Glove Wire
Glove Wire


Of course, like the other Gerbing's heated products, you don't want to do this: plugging the jacket directly into the battery means it will be on full-strength at all times, and with the amount of heat it is capable of producing, it will roast you like a chicken. Instead, you will definitely want a to use a temperature controller. Gerbing's offers a portable unit that can be attached to your clothing, or velcroed to your bike, for $70:

Portable temperature controller
Portable temperature controller


In addition, they offer a unit that can be permanently installed in your bike, for $100:

Permanent temperature controller
Permanent temperature controller


Both of these have a small dial that adjusts the amount of heat getting to the jacket liner (or any other Gerbing's product you plug into them). They also offer dual controllers, so that you can have two different Gerbing's heated products, and control them separately. I would highly recommend that you consider the controller to go along with the heated gear.

On the other hand, I wanted dual controllers built into my bike, but did not want to spend the $130 they were charging - so having a background in electronics, I ended up building my own, for about a quarter of the cost. If you have a similar background, you could do the same.

Image

I mounted my two power outlets next to the gas filler on my GL1500 - these outlets are the only indication on my bike that I have a heated gear system in place. I purchased two of their coiled extension cords:

Coiled cord
Coiled cord


Coiled tightly, these are a foot long, but stretch to 4 feet if required - short enough that they don't get in the way, but more than long enough to keep me from damaging anything should I forget to unplug before I dismount (and I do this often!).

Now that I have the heated jacket liner, gloves and insoles, I have yet to find a temperature low enough that I am uncomfortably cold while riding. When riding in the upper 30's (around 3-4 C) I still have to modulate the jacket liner down to around 50% in order to not overheat myself. I suspect I would have to be riding in temperatures well below freezing to approach the limits of my heated gear. The jacket liner is comfortable and of high quality, and I'm quite pleased with it!



User avatar
NKYWinger
Posts: 344
Joined: Sun Oct 02, 2011 6:37 pm
Location: Covington, KY
Motorcycle: 1983 GL1100A Aspencade
2003 GL1800

Re: Gerbing's Microwire Heated Jacket Liner

Postby NKYWinger » Tue Oct 30, 2012 7:53 pm

Given the 1100's limited reserve, I seem to remember that you converted all lights (except headlight) to LED's. Do you remember how much extra capacity that gave you? I've already done the tail lights and will soon do the front/rear turs with bulbs from superbrightleds.com Was just wondering.... thanks!
--John--

FTCS(SS) USN Ret.
'83 GL1100 Aspy (SOLD)
'03 GL1800
'08 Lees-ure Lite
GWRRA 339547 KY - 'G'
DS# 1547

User avatar
WingAdmin
Site Admin
Posts: 17047
Joined: Fri Oct 03, 2008 4:16 pm
Location: Strongsville, OH
Motorcycle: 2000 GL1500 SE
1982 GL1100A Aspencade (sold)
1989 PC800 (wife's!)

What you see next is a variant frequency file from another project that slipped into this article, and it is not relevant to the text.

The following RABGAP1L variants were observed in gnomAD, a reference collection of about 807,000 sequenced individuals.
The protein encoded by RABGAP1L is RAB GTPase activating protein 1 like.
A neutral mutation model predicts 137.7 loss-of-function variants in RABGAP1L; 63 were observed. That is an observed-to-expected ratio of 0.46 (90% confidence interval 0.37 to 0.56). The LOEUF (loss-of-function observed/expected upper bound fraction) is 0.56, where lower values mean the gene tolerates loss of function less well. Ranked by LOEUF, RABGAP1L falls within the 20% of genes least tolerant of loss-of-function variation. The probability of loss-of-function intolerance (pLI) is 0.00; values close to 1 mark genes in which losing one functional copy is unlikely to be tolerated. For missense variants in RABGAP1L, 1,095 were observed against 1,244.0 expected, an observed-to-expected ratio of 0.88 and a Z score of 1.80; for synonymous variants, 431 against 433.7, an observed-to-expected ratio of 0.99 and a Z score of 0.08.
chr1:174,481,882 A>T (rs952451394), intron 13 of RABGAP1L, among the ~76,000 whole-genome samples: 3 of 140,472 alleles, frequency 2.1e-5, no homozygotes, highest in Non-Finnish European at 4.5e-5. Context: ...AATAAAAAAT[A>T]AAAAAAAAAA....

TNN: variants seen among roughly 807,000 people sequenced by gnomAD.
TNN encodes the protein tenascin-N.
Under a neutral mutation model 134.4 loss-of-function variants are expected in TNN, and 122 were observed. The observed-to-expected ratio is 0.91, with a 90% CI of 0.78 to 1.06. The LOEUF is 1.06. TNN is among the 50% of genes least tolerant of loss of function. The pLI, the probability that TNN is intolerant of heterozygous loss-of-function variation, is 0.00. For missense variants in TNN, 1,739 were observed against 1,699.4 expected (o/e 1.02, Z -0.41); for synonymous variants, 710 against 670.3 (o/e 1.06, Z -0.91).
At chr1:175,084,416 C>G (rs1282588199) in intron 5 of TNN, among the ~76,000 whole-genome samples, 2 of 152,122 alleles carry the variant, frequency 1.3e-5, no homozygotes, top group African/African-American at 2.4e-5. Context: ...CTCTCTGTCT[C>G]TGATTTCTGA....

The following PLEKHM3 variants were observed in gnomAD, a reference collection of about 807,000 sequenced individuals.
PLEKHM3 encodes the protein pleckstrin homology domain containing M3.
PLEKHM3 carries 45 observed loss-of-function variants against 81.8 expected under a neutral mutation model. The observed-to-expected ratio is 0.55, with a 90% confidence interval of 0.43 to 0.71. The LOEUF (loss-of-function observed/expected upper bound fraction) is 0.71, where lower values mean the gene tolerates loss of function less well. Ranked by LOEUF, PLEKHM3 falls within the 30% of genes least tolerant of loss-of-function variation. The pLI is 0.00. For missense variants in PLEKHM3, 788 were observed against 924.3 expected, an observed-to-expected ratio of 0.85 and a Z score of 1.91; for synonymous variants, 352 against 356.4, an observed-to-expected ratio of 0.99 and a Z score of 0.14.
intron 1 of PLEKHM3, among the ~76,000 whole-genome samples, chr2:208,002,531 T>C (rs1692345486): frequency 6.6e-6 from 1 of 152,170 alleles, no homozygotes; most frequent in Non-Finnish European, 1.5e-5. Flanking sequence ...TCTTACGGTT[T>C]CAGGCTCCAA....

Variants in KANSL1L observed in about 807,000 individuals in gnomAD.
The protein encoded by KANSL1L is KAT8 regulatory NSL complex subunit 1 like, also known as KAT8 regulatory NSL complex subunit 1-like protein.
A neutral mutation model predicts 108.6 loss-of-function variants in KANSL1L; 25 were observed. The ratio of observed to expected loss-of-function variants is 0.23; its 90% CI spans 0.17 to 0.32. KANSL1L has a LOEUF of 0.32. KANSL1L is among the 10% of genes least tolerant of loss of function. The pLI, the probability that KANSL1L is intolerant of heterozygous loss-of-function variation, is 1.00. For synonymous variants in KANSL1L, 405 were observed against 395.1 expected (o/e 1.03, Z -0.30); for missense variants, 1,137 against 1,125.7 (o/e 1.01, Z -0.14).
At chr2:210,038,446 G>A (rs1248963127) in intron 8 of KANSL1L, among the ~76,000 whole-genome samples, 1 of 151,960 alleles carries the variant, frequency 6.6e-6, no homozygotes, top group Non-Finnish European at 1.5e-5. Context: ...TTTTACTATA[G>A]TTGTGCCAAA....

1998 XV250 Virago (sold)
2007 Aspen Sentry Trailer

Re: Gerbing's Microwire Heated Jacket Liner

Postby WingAdmin » Tue Oct 30, 2012 8:21 pm

NKYWinger wrote:Given the 1100's limited reserve, I seem to remember that you converted all lights (except headlight) to LED's. Do you remember how much extra capacity that gave you? I've already done the tail lights and will soon do the front/rear turs with bulbs from superbrightleds.com Was just wondering.... thanks!


I don't know that I ever did an exact measurement - but I know that with the LEDs in place, I had more than 70 watts and less than 110 watts extra capacity.

SmartBiker
Posts: 25
Joined: Fri Mar 11, 2011 4:42 pm
Location: chicago, illinois
Motorcycle: 1995 gl 1500 se

Re: Gerbing's Microwire Heated Jacket Liner

Postby SmartBiker » Sat Jun 22, 2013 8:33 am

where did you get the power outlets?

User avatar
WingAdmin
Site Admin
Posts: 17047
Joined: Fri Oct 03, 2008 4:16 pm
Location: Strongsville, OH
Motorcycle: 2000 GL1500 SE
1982 GL1100A Aspencade (sold)
1989 PC800 (wife's!)
1998 XV250 Virago (sold)
2007 Aspen Sentry Trailer

Re: Gerbing's Microwire Heated Jacket Liner

Postby WingAdmin » Sat Jun 22, 2013 1:21 pm

SmartBiker wrote:where did you get the power outlets?


They came from Cyclemax, $15 apiece: http://cyclemax.com/gerbing_s

RV10Builder
Posts: 1
Joined: Thu Nov 07, 2013 11:30 am
Location: York, England, United Kingdom
Motorcycle: GL1800 2013

Re: Gerbing's Microwire Heated Jacket Liner

Postby RV10Builder » Thu Nov 07, 2013 11:40 am

Did you actually build a controller as well and if so how and where did you mount it?

I would be interested to know.

Martin

User avatar
WingAdmin
Site Admin
Posts: 17047
Joined: Fri Oct 03, 2008 4:16 pm
Location: Strongsville, OH
Motorcycle: 2000 GL1500 SE
1982 GL1100A Aspencade (sold)
1989 PC800 (wife's!)
1998 XV250 Virago (sold)
2007 Aspen Sentry Trailer

Re: Gerbing's Microwire Heated Jacket Liner

Postby WingAdmin » Thu Nov 07, 2013 12:27 pm

RV10Builder wrote:Did you actually build a controller as well and if so how and where did you mount it?

I would be interested to know.

Martin


I built a controller into my "Bike PC", here: viewtopic.php?f=10&t=10172&start=75#p50777




Return to “Product Reviews”




Who is online

Users browsing this forum: No registered users and 2 guests